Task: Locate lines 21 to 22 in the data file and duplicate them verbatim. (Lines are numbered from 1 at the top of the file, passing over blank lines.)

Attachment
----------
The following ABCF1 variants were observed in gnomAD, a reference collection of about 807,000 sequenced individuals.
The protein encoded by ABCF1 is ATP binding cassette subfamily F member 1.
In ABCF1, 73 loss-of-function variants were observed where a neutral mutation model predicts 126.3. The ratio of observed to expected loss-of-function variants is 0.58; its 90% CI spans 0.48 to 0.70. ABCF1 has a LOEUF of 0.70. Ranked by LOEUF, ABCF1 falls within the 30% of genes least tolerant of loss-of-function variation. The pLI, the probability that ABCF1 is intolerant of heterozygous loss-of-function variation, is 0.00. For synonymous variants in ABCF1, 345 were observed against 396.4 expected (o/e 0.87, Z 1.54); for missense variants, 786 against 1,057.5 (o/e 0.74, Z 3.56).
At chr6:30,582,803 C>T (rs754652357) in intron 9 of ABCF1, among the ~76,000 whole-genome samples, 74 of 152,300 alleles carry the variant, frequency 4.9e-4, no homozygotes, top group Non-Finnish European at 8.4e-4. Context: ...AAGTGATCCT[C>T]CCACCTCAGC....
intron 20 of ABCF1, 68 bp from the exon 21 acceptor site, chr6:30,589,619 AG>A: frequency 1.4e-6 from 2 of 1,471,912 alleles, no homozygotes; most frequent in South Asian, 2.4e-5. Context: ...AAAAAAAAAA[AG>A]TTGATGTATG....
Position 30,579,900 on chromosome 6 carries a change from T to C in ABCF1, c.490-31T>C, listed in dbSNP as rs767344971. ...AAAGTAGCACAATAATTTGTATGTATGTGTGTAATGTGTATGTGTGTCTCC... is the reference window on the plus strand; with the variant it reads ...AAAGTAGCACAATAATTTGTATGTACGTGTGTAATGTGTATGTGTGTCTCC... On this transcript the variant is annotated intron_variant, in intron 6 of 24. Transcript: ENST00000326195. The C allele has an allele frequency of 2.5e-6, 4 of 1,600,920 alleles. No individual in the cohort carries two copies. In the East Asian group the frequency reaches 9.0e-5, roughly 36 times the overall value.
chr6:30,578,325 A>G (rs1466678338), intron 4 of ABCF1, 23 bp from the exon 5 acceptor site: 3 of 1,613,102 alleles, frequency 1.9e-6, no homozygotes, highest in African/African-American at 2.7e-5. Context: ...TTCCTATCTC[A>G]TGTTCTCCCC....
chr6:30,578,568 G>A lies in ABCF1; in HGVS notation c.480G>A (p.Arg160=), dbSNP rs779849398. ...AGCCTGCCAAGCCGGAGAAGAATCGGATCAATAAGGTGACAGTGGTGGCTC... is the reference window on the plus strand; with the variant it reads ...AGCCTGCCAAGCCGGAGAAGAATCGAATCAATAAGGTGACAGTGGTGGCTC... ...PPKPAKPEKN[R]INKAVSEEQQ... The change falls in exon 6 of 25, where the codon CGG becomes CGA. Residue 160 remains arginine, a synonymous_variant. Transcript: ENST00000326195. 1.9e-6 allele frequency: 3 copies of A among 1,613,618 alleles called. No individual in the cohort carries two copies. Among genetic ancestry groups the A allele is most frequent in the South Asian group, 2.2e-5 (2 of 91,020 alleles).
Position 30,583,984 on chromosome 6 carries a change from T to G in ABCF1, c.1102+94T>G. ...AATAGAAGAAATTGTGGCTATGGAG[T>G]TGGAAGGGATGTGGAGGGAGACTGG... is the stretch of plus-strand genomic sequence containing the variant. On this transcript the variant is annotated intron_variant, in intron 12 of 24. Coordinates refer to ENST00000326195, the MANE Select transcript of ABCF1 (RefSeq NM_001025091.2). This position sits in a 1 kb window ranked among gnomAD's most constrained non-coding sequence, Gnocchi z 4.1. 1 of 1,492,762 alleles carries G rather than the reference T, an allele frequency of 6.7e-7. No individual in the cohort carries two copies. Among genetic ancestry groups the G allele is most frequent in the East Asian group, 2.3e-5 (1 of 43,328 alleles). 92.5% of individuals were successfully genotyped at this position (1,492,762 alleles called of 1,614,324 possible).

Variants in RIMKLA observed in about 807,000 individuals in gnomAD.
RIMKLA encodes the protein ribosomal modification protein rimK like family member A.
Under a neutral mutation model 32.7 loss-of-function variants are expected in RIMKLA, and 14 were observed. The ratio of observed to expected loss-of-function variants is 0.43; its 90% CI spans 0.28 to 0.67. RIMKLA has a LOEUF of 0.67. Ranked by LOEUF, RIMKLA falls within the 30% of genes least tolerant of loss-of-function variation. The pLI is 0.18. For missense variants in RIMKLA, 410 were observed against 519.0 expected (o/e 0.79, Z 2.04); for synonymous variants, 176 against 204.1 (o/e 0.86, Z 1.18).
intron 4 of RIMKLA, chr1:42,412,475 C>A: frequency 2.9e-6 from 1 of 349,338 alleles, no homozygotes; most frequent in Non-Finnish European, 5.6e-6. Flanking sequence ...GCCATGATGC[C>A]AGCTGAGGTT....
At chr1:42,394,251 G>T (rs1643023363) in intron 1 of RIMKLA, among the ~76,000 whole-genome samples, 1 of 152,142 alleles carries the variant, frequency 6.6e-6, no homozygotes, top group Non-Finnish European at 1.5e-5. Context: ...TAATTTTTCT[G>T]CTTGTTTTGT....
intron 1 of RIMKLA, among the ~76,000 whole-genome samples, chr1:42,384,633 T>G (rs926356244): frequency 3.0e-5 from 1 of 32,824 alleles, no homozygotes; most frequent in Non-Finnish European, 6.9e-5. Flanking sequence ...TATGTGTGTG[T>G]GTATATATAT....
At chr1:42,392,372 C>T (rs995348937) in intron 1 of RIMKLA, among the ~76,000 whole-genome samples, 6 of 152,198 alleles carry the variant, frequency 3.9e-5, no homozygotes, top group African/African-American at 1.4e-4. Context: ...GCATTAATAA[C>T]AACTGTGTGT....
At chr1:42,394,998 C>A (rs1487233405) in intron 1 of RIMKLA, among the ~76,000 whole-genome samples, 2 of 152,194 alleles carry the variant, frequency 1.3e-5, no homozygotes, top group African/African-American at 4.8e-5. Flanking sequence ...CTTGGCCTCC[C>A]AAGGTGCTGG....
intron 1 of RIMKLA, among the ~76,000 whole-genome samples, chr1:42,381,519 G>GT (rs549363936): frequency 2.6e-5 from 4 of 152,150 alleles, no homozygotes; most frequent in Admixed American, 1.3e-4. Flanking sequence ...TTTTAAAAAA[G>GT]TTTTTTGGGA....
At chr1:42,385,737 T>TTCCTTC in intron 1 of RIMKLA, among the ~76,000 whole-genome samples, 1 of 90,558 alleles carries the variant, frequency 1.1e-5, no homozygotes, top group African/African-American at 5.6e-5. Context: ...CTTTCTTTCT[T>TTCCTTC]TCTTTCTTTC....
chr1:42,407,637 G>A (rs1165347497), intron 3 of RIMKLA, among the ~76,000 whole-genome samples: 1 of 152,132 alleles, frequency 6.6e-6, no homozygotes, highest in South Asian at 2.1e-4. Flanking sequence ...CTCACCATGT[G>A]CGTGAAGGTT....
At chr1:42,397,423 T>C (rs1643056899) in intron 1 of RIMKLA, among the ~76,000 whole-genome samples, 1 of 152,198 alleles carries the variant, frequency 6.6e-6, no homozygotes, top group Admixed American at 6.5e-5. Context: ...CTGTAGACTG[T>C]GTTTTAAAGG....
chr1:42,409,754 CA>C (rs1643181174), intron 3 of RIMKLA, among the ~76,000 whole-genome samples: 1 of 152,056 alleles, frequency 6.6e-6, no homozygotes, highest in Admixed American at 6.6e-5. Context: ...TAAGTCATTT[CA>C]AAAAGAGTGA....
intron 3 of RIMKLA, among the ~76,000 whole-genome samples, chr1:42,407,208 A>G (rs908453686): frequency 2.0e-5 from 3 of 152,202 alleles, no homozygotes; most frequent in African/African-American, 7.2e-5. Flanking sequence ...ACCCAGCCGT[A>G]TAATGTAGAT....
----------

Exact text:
At chr1:42,397,423 T>C (rs1643056899) in intron 1 of RIMKLA, among the ~76,000 whole-genome samples, 1 of 152,198 alleles carries the variant, frequency 6.6e-6, no homozygotes, top group Admixed American at 6.5e-5. Context: ...CTGTAGACTG[T>C]GTTTTAAAGG....
chr1:42,409,754 CA>C (rs1643181174), intron 3 of RIMKLA, among the ~76,000 whole-genome samples: 1 of 152,056 alleles, frequency 6.6e-6, no homozygotes, highest in Admixed American at 6.6e-5. Context: ...TAAGTCATTT[CA>C]AAAAGAGTGA....